Roughly half of my bible study time is spent writing or keeping a journal. I have my pen and paper – usually a regular spiral bound notebook like you’d buy your kid for school – by my side as I pray, read, and study, and I simply write down my thoughts.
Sometimes I write a basic summary of the scripture I studied. This helps me remember what I read, but it also helps when I need to hash out the lesson or the story because I still don’t fully understand it. I write/talk myself through what I read, what I think it’s saying, what I don’t understand, and any insights God gives me as I’m writing/talking.
Sometimes I write my thoughts and feelings about what I read – an evaluation, if you will: questions I’m still pondering after researching bible commentary, how it challenged or convicted me, how it made me feel, how I could apply it to my life, or what I think God is saying to me about my life. (The hyperlink takes you to Part 1 of this series).
Sometimes I research and record the original Greek or Hebrew meaning of words in a verse or verses that stand out to me. This is called word study, and it is useful for researching and internalizing scripture. (The hyperlink takes you to Part 2 of this series).
Sometimes I write my prayers to God word for word as if I am talking to Him out loud or praying inside my head. (I stay focused better this way during the actual prayer time). I typically use the P.R.A.Y acronym to format my prayers, but sometimes they’re free-form – I simply write what I’m saying to Him.
Sometimes I ask Him a question – for clarification, for insight into how the scripture is relevant to me, for guidance on what I should do with the conviction I feel, etc. – and sit with my paper and pen and wait until I hear from Him and record what He says.
Often, I record prayer requests – my requests and those of others. This is helpful because I go back later and look over the requests and see how God has answered.
I even sprinkle in comments about my day – what I did yesterday, what I plan to do today, things I’m worried about, situations at work or with family – just like you’d find in a regular diary or daily journal.
I also write in the margins of my bible. I’ll write notes from other sources of commentary. I’ll underline or box-in verses that catch my attention. I’ll write quotes from speakers I hear and include the speaker’s name and date. I make connections with other verses.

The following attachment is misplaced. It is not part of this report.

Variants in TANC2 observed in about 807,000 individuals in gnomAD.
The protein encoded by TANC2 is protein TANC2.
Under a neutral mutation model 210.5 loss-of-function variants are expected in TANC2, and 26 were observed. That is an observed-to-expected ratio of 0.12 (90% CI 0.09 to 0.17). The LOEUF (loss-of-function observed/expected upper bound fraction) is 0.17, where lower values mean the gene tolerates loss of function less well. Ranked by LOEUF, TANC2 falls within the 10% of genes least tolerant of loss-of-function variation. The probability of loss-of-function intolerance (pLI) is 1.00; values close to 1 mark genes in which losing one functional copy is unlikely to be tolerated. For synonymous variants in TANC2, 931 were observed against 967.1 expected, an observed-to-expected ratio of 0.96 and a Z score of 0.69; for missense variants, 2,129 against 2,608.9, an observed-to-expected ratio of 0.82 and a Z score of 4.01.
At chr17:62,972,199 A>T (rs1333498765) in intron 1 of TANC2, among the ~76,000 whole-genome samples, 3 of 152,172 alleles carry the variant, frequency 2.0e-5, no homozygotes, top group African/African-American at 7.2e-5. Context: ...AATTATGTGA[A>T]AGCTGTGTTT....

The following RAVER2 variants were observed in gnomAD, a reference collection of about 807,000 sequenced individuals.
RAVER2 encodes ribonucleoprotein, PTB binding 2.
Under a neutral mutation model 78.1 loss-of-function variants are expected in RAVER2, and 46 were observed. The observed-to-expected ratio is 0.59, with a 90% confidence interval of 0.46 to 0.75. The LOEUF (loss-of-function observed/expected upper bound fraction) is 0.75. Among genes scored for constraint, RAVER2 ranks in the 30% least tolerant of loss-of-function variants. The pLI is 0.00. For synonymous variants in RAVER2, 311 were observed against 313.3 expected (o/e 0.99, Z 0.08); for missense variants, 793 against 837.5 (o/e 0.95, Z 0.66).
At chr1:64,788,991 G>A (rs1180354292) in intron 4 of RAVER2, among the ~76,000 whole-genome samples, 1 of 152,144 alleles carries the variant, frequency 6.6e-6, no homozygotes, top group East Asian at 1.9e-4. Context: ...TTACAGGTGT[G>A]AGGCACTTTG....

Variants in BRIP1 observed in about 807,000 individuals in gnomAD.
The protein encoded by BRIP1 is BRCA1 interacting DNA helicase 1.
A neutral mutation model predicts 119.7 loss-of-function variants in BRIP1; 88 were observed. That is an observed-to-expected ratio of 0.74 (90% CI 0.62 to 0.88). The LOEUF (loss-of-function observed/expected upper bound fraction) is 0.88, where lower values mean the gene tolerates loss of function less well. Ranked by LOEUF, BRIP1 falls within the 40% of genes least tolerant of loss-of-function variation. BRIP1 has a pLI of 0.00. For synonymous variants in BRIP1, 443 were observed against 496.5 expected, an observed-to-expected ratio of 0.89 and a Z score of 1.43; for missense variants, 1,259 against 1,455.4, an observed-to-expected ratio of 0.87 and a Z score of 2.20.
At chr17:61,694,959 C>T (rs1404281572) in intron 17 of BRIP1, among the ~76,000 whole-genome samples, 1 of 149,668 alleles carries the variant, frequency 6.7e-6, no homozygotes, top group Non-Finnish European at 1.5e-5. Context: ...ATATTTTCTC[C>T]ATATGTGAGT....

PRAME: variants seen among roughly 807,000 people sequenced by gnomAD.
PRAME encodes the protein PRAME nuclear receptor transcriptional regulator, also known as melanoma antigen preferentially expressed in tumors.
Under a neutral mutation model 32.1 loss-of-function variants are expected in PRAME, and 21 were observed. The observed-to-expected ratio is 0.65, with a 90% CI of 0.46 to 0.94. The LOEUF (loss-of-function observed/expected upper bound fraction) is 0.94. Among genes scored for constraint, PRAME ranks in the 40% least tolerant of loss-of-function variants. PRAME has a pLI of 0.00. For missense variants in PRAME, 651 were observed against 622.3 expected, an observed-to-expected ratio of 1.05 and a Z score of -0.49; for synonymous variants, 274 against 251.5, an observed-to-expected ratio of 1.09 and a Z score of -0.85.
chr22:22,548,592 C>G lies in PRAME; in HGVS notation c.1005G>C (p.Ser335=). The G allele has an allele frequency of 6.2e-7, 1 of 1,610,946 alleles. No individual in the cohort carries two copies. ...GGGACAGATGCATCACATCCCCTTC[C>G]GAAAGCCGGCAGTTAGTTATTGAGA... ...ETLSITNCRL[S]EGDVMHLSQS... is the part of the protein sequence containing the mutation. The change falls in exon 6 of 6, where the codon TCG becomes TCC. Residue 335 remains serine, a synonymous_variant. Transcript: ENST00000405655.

There are multiple ways to use writing or journaling as a bible study technique. Just pick up your paper and pen (or turn on your laptop or use a notetaking feature on your smartphone), and write. It’s that simple. (I don’t do the creative bible journaling technique of drawing in my bible…because I stink at drawing…but some of the links below address this method as well).
I’m naturally a writer; I have always been one to write down my thoughts, so I just go with the flow, writing whatever I feel I need to write at the time. It is something simple and easy you could incorporate into your quiet bible study time as well. Just start writing. Don’t worry about whether or not you’re doing it the “right way” – just write.
Keeping a daily study journal/prayer journal/bible journal – whatever you want to call it and whatever form it takes for you – is a great way to learn to talk to God and to deepen your relationship with Him. I strongly encourage it.
How do you use writing or journaling in your bible study time? Share your tips and tricks.
Other Bible Journaling Resources
Five Reasons to Journal Daily from wellwateredwomen.com – This article discusses the benefits of keeping a daily journal from a Christian standpoint.
How to Bible Journal from NIVBible.com – This article focuses more on artistic journaling (drawing artwork based on what you study, but it touches on some other, basic journaling tips as well.
Bible Journal Guide: Tips, Prompts, Ideas, and Examples – The title of the article tells is all 🙂